Opportunities to leverage a chatbot’s personality
Today, your chatbot’s personality is a competitive differentiator. There are some key interaction points that must be considered when building out a chatbot to infuse personality and to take advantage of improving the experience for your consumer.
1. The greeting or opening of the conversation
Most experts agree that it’s good practise to let customers know they are speaking to a machine rather than trying to pass off the interaction—and risk losing the trust of the person—as if it’s with a human. In addition, the way you greet the consumer is an important way of conveying personality. Will your bot say, “Yo” or “Hello” or “Greetings?” All connote a different personality. It’s also useful to share some common tasks the bot can help the person with.
2. Expect unrelated questions
When a human asks a bot a random question, it gives an opportunity for a connexion with that person. Determine how your bot will build that connexion even when asked random questions that have nothing to do with your product or service.
3. The right response at the right time
The attribution of human feelings and beliefs to inanimate things is called anthropomorphism. It is important to keep this principle in mind and make use of it when creating responses that resonate with people. Consumers will become frustrated with a bot similar to how they would with a human if their queries don’t produce a helpful response. They always want to receive the right response at the right time. Anything less than that will lead to frustration.
4. Avoid repetitive responses
It's important that your bot can clarify questions when they don't understand, and it can give the consumer a way out of the interaction. There's nothing more frustrating—in a human or bot interaction—when all you get in response is the same circuitous replies.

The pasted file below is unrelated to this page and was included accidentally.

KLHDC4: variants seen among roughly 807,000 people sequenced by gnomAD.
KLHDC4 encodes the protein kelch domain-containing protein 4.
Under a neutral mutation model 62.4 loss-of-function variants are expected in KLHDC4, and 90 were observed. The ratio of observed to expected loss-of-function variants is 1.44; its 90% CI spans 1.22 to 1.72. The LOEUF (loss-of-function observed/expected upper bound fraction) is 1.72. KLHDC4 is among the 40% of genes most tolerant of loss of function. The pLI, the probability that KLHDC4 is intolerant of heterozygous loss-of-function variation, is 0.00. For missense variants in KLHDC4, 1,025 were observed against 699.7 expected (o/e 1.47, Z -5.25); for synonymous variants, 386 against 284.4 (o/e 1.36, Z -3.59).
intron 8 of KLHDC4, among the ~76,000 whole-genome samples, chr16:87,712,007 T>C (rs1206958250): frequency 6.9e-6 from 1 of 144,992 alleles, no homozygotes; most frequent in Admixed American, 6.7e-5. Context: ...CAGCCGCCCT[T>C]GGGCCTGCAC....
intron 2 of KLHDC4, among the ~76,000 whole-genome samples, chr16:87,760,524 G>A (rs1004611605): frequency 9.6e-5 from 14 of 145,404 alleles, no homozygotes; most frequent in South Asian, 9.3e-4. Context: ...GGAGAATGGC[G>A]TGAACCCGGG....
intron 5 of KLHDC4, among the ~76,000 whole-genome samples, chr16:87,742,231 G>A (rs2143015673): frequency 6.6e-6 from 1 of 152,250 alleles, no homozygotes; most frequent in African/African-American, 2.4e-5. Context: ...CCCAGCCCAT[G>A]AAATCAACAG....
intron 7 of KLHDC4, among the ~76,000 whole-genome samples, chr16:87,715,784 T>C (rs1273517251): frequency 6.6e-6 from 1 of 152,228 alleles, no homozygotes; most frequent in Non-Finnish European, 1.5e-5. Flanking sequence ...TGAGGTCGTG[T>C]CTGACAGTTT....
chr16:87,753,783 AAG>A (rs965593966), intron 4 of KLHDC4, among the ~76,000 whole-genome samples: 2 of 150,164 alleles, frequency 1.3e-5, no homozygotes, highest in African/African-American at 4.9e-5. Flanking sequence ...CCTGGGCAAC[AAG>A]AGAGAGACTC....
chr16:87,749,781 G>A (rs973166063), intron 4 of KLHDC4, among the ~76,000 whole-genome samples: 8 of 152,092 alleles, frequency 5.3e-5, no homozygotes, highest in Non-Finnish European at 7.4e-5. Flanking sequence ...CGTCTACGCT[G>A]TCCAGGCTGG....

5. Humour and wit
Use humour and wit thoughtfully during interactions. It can help deliver your brand experience, but if used inappropriately it can backfire.
6. Your bot should have manners too!
Don’t forget to give your bot manners as well. Ultimately, it’s an important extension of your brand and how you deliver stellar customer service.
7. Signing off
Another opportunity to insert personality into an interaction is in the way the bot closes out conversation.
There’s more than the technology to consider when building out a chatbot. Be intentional about your bot’s personality so that it can produce the best results for your company.
Bernard Marr is an internationally bestselling author, futurist, keynote speaker, and strategic advisor to companies and governments. He advises and coaches many of the world’s best-known organisations on strategy, digital transformation and business performance. LinkedIn has recently ranked Bernard as one of the top 5 business influencers in the world and the No 1 influencer in the UK. He has authored 16 best-selling books, is a frequent contributor to the World Economic Forum and writes a regular column for Forbes. Every day Bernard actively engages his almost 2 million social media followers and shares content that reaches millions of readers.